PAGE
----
Newborns make up nearly half of the children under five who die every year. That’s 2.9 million children dying within their first month of life, despite significant progress in under-five child mortality overall.
New research in The Lancet examines why newborns have been left out of progress in child survival and makes the case for integrating them into the post-2015 agenda.
As part of the series, one paper, led by a team of experts from UNICEF, examines bottlenecks in health systems in countries where maternal and neonatal mortality are highest and provides strategies for overcoming them. Three country case studies offer a road map to success. They are excerpted below.
Peru: Expanding coverage to the poorest populations
Closing the gap in equity has been the focus of Peru’s strategy, which emphasizes comprehensive health care programs targeting women and newborns in the country’s poorest communities, mostly in rural areas.
The proportion of SIS insured people in rural areas grew from 24.7% in 2004 to 73% in 2011.
In 2002 the Peruvian Government introduced the Comprehensive Health Insurance Scheme (SIS), which includes free access to basic health care for children younger than 5 years as well as for pregnant women while giving priority to vulnerable populations living in extreme poverty. The proportion of SIS insured people in rural areas progressed from 24·7% in 2004 to 73% in 2011. Efforts to reduce the equity gap were remarkable, with an increase in coverage of maternal and newborn health interventions among the poorest populations and those living in rural areas. Peru has integrated various social inclusion programmes such as conditional cash transfers (JUNTOS), emphasising their cross-cutting nature, and thus the need to ensure the participation of multiple public and private sectors in their implementation. Accordingly, health financing is focused on implementation of interventions related to public health problems identified through wide consultation processes, and it follows a results-based budgeting, which emphasises monitoring of progress in coverage and effect indicators related to reproductive, maternal, newborn, and child health.
Malawi: Generating high-level commitment
High-level attention allowed a small group of technical champions working with the Ministry of Health to ensure that specific newborn care interventions were included in national policies. A dramatic increase in the number of community-based health care providers (pictured above) was pivotal to expanding coverage.
The national Emergency Human Resource Program resulted in a 66% increase in health worker density.
Between 2000 and 2010, Malawi achieved substantial progress in incorporating newborn health into national policies, programmes, agendas, and implementation guidelines. A pivotal moment for policy change occurred in 2005 with the integration of newborn health into the national plan, Road Map for Accelerating Reduction of Maternal and Newborn Mortality and Morbidity in Malawi, which was linked to the sector-wide approach and cost implementation plan. High-level attention to newborn health enabled an effective small group of technical champions working with the Ministry of Health to ensure the inclusion of specific newborn care interventions, such as facility-based kangaroo mother care (KMC) and an integrated community-based package, into wider health policies, programmes, and preservice training. The newborn sub-working group of the Safe Motherhood Taskforce has met routinely since 2007 and has recently been formalised to strengthen the coordination across reproductive, maternal, newborn, and child health mechanisms.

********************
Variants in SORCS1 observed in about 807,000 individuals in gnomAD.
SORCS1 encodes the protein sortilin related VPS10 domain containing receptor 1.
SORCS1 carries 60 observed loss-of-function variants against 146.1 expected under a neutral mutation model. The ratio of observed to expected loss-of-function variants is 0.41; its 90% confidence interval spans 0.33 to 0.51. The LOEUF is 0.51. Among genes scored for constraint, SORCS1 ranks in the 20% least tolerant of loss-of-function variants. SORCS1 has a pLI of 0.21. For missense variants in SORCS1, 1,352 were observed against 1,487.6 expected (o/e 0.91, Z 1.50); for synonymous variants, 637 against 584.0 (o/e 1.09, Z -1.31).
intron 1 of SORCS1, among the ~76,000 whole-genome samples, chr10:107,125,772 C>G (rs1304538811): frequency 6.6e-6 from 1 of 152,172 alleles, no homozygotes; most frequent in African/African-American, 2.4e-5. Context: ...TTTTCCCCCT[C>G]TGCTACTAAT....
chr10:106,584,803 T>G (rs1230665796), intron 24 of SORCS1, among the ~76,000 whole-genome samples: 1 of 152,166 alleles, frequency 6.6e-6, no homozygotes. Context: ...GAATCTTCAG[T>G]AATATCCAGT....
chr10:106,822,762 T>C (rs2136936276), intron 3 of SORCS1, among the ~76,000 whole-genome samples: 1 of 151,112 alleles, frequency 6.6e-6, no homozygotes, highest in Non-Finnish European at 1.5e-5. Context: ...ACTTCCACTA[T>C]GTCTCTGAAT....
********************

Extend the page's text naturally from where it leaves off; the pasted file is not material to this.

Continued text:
Nepal: Providing incentives to use birth facilities
Strong coordination among researchers, government and the medical community, supported by a high-level political commitment to newborn health, drove Nepal's expansion of social insurance schemes to encourage use of birth facilities.
The maternal incentive scheme has successfully shifted behavior and increased skilled care at birth by 13%.
The Maternity Incentive Scheme (later called the Safe Delivery Incentive Programme) was initiated in 2005 and included fee exemptions at facilities in poorer districts only and incentive payments to women and health workers in other areas. The programme has been successful in shifting behaviour and increasing skilled care at birth (13% increase). The next major shift introduced incrementally since 2006, was a more general move towards free essential health care; starting from free emergency and inpatient care for specific disadvantaged populations in district hospitals and primary health-care centres in 2006 to free care to all at health posts and primary health-care centres in 2007, and at all district hospitals in 2009. In Nepal, the free delivery policy (called Aama Surakshya Karyakram) includes universal free delivery services, launched in 2009, and a continuation of the Safe Delivery Incentive Programme, providing cash payments to women who deliver in facilities and incentive payments for health workers who undertake home deliveries. Monitoring results 1 year after the Aama policy was launched show an increase in institutional deliveries (19% increase).